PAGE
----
We have not lived long enough: sensemaking and learning from bushfires in Australia
AffiliationManagement and Marketing
Document TypePhD thesis
Access StatusOpen Access
© 2017 Dr. Graham Dwyer
Why did the bushfires of 7 February 2009 in Victoria take so many lives? Why were those bushfires so extreme, so feral, so catastrophic, so devastating? What can be done to ensure that so many lives are not lost, that so much devastation is not caused, in such bushfires in the future? (Parliament of Victoria, Opening Remarks, Chair of the Victorian Bushfires Royal Commission, 2009: 1) Victoria, Australia, is arguably the most fire-prone area in the world. Increasingly, with climate change, atmospheric scientists claim that we are experiencing longer drought periods, higher wind speeds and warmer temperatures which are giving rise to a greater bushfire threat in an already extremely bushfire-prone environment. Given such circumstances, it is likely that Victoria’s emergency management organisations will increasingly find themselves responding to bushfires characterised as complex, harmful and rare. Therefore, my study seeks to understand how emergency management organisations make sense of and learn from bushfires in Victoria so that they can be better prepared for bushfires in the future. To do so, I focus on the Royal Commission, which followed the “Black Saturday” bushfires, commonly referred to as Australia’s worst ever natural disaster. My study comprises a qualitative and interpretive methodology to explore how emergency management organisations implement recommendations emanating from public inquiries, and the role that sensemaking plays in this. In addition, given the devastating impact that disasters such as bushfires can have, I also explore how emotions influence the sensemaking process associated with implementing recommendations in such organisations. Through this dual-focused approach I build new theory in relation to the ways in which individuals in organisations make sense of and learn from public inquiry recommendations after disasters, while highlighting the role of both negative and positive emotions in this process.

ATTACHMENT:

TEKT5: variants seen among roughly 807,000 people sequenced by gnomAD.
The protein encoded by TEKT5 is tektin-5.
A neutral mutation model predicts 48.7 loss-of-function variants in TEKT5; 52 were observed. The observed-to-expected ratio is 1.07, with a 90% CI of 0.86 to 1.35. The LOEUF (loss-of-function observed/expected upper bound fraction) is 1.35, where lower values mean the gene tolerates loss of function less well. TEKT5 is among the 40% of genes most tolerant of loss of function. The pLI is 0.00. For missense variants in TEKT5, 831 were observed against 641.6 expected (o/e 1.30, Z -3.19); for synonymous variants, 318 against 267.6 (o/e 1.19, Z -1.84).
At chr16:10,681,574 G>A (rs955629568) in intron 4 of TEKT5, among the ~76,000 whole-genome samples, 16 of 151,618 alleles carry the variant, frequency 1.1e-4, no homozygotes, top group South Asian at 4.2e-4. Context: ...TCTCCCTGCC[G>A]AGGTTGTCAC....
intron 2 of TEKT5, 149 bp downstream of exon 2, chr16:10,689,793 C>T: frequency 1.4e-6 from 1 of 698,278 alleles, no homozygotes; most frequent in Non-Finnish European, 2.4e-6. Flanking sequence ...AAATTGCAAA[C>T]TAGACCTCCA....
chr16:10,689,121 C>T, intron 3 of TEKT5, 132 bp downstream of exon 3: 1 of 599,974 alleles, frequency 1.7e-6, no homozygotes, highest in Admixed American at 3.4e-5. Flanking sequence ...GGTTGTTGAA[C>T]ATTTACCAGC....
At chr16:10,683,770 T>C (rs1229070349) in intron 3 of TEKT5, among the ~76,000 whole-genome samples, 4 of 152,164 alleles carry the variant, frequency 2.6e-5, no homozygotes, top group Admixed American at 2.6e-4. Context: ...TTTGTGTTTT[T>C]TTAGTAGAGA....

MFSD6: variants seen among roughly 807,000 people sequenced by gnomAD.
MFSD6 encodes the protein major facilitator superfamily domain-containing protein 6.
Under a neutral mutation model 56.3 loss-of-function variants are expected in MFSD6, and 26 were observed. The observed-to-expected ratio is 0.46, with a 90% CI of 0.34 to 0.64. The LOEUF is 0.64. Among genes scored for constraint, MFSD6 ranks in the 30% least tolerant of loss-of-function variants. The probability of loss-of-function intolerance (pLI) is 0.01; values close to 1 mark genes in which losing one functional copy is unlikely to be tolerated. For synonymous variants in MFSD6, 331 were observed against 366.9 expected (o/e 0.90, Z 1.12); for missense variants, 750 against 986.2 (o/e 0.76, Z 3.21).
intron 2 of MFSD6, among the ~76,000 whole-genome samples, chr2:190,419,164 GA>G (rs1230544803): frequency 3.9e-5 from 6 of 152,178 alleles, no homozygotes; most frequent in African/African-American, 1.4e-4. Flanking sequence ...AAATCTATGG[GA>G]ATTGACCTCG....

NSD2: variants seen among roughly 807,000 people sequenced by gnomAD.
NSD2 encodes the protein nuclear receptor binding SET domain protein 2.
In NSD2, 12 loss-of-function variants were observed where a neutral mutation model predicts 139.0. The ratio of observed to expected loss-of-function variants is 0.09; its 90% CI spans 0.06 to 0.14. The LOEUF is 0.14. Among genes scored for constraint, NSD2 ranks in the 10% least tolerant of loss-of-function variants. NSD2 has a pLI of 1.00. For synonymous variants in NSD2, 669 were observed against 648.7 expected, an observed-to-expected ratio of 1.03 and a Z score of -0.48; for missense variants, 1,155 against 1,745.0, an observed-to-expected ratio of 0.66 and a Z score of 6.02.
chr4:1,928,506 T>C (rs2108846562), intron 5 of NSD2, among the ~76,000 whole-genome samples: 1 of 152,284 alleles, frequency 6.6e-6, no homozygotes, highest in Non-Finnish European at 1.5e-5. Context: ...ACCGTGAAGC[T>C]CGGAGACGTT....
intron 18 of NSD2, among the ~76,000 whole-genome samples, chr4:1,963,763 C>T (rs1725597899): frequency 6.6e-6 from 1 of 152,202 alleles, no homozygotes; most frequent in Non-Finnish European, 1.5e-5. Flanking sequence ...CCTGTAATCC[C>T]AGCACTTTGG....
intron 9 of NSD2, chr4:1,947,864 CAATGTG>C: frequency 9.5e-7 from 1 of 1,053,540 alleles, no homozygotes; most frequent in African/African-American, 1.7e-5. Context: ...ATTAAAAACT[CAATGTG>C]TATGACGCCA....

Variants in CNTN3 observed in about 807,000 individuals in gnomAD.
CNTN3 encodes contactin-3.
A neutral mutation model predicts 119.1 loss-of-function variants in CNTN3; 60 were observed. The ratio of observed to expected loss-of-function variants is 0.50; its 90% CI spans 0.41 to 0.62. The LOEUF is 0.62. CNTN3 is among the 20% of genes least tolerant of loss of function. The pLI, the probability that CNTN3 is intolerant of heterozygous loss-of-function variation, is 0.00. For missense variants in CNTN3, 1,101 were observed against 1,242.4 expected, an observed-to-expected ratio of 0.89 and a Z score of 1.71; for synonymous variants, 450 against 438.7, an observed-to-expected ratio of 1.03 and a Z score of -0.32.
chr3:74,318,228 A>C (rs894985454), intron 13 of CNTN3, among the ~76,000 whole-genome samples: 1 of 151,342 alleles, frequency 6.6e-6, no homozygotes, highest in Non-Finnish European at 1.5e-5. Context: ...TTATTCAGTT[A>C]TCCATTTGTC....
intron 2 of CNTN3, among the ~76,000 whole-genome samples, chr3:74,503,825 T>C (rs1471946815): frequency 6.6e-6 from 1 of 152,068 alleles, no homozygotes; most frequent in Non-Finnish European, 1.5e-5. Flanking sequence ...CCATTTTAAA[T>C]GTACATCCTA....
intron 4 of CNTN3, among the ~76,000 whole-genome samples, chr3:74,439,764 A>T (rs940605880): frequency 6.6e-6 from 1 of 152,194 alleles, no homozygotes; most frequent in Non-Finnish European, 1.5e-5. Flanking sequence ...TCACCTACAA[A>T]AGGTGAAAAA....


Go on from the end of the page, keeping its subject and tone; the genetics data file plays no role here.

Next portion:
Keywordsbushfire; natural disaster; risk; public inquiry; Royal Commission; sensemaking; learning
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